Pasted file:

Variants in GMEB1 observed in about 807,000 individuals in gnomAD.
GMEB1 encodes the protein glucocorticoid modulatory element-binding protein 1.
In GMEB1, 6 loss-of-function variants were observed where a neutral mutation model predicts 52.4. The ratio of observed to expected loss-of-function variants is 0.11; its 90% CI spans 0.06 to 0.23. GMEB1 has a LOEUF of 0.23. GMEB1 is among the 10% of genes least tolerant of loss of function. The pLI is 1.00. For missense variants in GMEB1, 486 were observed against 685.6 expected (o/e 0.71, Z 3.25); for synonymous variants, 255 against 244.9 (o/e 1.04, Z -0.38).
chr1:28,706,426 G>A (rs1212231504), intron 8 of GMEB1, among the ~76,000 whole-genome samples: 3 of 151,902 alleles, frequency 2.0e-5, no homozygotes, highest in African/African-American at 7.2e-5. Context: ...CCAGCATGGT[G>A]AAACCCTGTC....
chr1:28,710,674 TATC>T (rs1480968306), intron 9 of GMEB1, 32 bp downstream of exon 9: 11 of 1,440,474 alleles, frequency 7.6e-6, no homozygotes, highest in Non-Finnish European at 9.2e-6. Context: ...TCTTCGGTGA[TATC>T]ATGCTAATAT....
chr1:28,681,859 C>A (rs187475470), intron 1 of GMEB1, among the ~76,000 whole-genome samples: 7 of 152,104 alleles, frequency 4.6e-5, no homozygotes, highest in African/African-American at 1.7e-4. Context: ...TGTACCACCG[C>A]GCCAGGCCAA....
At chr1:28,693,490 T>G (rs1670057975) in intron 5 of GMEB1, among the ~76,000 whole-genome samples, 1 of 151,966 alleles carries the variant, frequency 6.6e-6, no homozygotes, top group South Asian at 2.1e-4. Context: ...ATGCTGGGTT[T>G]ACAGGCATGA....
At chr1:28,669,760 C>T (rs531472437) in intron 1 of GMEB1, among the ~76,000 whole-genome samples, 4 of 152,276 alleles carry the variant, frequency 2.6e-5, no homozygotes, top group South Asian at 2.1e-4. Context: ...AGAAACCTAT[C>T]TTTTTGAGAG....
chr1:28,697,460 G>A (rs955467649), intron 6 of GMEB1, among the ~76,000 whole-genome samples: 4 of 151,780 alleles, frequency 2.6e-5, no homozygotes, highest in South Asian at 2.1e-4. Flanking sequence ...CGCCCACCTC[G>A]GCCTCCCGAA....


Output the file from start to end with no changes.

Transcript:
Variants in GMEB1 observed in about 807,000 individuals in gnomAD.
GMEB1 encodes the protein glucocorticoid modulatory element-binding protein 1.
In GMEB1, 6 loss-of-function variants were observed where a neutral mutation model predicts 52.4. The ratio of observed to expected loss-of-function variants is 0.11; its 90% CI spans 0.06 to 0.23. GMEB1 has a LOEUF of 0.23. GMEB1 is among the 10% of genes least tolerant of loss of function. The pLI is 1.00. For missense variants in GMEB1, 486 were observed against 685.6 expected (o/e 0.71, Z 3.25); for synonymous variants, 255 against 244.9 (o/e 1.04, Z -0.38).
chr1:28,706,426 G>A (rs1212231504), intron 8 of GMEB1, among the ~76,000 whole-genome samples: 3 of 151,902 alleles, frequency 2.0e-5, no homozygotes, highest in African/African-American at 7.2e-5. Context: ...CCAGCATGGT[G>A]AAACCCTGTC....
chr1:28,710,674 TATC>T (rs1480968306), intron 9 of GMEB1, 32 bp downstream of exon 9: 11 of 1,440,474 alleles, frequency 7.6e-6, no homozygotes, highest in Non-Finnish European at 9.2e-6. Context: ...TCTTCGGTGA[TATC>T]ATGCTAATAT....
chr1:28,681,859 C>A (rs187475470), intron 1 of GMEB1, among the ~76,000 whole-genome samples: 7 of 152,104 alleles, frequency 4.6e-5, no homozygotes, highest in African/African-American at 1.7e-4. Context: ...TGTACCACCG[C>A]GCCAGGCCAA....
At chr1:28,693,490 T>G (rs1670057975) in intron 5 of GMEB1, among the ~76,000 whole-genome samples, 1 of 151,966 alleles carries the variant, frequency 6.6e-6, no homozygotes, top group South Asian at 2.1e-4. Context: ...ATGCTGGGTT[T>G]ACAGGCATGA....
At chr1:28,669,760 C>T (rs531472437) in intron 1 of GMEB1, among the ~76,000 whole-genome samples, 4 of 152,276 alleles carry the variant, frequency 2.6e-5, no homozygotes, top group South Asian at 2.1e-4. Context: ...AGAAACCTAT[C>T]TTTTTGAGAG....
chr1:28,697,460 G>A (rs955467649), intron 6 of GMEB1, among the ~76,000 whole-genome samples: 4 of 151,780 alleles, frequency 2.6e-5, no homozygotes, highest in South Asian at 2.1e-4. Flanking sequence ...CGCCCACCTC[G>A]GCCTCCCGAA....